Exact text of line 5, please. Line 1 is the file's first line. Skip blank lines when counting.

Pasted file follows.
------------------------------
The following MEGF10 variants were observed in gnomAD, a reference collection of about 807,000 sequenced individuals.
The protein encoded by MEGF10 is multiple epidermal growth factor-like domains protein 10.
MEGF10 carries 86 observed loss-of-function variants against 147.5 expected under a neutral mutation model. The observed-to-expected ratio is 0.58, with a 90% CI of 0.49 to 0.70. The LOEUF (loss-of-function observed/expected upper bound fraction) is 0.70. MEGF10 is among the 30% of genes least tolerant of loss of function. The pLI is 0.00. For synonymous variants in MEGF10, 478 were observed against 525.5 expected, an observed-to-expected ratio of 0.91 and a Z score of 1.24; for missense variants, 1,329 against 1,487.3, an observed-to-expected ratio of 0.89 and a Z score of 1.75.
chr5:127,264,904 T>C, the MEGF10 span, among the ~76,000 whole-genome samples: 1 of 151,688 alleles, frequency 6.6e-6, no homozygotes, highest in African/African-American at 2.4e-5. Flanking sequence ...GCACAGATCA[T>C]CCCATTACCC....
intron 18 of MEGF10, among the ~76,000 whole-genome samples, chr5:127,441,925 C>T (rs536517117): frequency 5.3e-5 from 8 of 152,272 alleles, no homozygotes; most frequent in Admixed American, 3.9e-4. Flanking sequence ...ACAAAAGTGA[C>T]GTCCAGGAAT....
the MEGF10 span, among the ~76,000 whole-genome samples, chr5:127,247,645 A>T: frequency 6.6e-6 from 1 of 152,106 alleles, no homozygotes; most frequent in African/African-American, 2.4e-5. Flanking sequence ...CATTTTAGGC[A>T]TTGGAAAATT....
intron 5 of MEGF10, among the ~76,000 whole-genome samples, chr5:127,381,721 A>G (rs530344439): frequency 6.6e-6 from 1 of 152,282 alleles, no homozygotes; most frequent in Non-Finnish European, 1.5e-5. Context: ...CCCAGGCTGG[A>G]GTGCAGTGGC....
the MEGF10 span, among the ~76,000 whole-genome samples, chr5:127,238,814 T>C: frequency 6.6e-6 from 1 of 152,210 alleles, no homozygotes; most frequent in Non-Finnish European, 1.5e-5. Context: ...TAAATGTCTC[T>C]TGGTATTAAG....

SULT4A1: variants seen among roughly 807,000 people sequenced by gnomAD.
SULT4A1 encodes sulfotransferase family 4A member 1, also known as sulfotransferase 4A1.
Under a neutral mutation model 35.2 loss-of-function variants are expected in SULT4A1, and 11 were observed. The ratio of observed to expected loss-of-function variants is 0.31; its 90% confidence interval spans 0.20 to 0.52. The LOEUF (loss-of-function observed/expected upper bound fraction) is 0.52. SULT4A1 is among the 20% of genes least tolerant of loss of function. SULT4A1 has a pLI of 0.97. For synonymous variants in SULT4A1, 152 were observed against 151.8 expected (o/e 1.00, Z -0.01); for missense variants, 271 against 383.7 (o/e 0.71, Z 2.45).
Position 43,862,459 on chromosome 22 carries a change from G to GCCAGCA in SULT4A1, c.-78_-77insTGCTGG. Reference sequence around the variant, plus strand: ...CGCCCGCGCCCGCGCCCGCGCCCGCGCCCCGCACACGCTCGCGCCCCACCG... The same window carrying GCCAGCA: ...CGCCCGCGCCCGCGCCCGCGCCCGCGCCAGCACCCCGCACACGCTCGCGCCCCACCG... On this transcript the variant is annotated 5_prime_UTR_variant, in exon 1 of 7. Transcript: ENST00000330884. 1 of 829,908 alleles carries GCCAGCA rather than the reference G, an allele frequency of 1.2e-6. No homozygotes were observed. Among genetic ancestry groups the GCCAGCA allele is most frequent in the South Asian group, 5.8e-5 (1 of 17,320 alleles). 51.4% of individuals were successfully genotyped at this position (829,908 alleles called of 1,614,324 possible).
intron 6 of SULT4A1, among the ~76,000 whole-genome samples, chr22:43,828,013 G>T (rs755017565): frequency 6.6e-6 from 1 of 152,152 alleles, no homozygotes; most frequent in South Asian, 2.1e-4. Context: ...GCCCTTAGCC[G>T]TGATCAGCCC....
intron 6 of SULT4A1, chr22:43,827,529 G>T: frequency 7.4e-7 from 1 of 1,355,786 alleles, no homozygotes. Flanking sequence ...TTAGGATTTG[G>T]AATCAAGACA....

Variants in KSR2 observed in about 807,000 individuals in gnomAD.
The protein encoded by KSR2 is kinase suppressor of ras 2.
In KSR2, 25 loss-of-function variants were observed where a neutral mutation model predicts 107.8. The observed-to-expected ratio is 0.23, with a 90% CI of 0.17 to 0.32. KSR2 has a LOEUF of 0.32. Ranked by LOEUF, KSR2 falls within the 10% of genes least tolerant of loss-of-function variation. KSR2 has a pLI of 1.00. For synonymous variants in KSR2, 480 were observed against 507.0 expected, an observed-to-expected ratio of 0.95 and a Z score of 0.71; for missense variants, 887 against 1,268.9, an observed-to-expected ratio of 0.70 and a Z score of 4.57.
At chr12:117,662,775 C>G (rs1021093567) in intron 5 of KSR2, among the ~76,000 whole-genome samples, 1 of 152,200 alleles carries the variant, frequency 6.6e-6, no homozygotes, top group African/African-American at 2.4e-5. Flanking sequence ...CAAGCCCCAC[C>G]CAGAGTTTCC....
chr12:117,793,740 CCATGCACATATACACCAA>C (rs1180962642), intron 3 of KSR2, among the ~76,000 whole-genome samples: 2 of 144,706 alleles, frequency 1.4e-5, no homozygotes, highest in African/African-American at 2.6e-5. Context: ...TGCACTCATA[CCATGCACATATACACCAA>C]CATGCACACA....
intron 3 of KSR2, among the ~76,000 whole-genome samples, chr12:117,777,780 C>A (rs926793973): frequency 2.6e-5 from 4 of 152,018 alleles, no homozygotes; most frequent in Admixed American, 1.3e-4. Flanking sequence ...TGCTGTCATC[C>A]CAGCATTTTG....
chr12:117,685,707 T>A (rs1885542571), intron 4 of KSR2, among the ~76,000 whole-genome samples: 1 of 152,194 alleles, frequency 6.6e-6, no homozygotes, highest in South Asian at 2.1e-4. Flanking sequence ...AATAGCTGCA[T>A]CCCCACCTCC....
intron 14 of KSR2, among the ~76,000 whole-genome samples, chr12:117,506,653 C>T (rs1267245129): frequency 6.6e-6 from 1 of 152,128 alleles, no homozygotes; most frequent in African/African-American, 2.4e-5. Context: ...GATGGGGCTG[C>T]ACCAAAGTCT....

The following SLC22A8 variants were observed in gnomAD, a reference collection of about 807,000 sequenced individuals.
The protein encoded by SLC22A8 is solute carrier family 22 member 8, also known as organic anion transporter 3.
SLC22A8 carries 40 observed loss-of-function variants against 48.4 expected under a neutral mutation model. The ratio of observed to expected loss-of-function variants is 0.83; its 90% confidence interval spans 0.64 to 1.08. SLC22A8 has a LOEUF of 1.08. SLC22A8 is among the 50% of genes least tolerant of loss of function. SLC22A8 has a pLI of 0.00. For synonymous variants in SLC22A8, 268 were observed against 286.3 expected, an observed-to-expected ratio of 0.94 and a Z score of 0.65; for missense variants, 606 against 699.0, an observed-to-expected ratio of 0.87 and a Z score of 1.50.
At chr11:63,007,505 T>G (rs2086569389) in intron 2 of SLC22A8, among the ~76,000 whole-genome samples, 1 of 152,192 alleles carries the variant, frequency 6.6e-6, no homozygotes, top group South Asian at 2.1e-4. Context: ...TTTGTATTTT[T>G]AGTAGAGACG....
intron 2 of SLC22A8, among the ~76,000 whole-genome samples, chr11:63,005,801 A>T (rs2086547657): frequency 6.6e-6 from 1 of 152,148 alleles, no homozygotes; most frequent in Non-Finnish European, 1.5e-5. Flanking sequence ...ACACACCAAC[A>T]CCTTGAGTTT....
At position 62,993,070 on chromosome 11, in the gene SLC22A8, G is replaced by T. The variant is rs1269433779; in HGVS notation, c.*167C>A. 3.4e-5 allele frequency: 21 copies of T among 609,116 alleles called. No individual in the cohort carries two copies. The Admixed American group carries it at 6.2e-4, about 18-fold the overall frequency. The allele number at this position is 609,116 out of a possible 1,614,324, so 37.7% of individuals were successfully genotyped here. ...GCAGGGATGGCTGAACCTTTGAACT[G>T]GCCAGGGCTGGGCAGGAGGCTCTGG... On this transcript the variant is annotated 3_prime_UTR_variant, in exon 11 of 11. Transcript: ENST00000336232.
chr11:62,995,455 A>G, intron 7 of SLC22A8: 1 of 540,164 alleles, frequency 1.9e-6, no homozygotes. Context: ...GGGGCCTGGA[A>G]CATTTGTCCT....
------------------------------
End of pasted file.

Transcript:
intron 18 of MEGF10, among the ~76,000 whole-genome samples, chr5:127,441,925 C>T (rs536517117): frequency 5.3e-5 from 8 of 152,272 alleles, no homozygotes; most frequent in Admixed American, 3.9e-4. Flanking sequence ...ACAAAAGTGA[C>T]GTCCAGGAAT....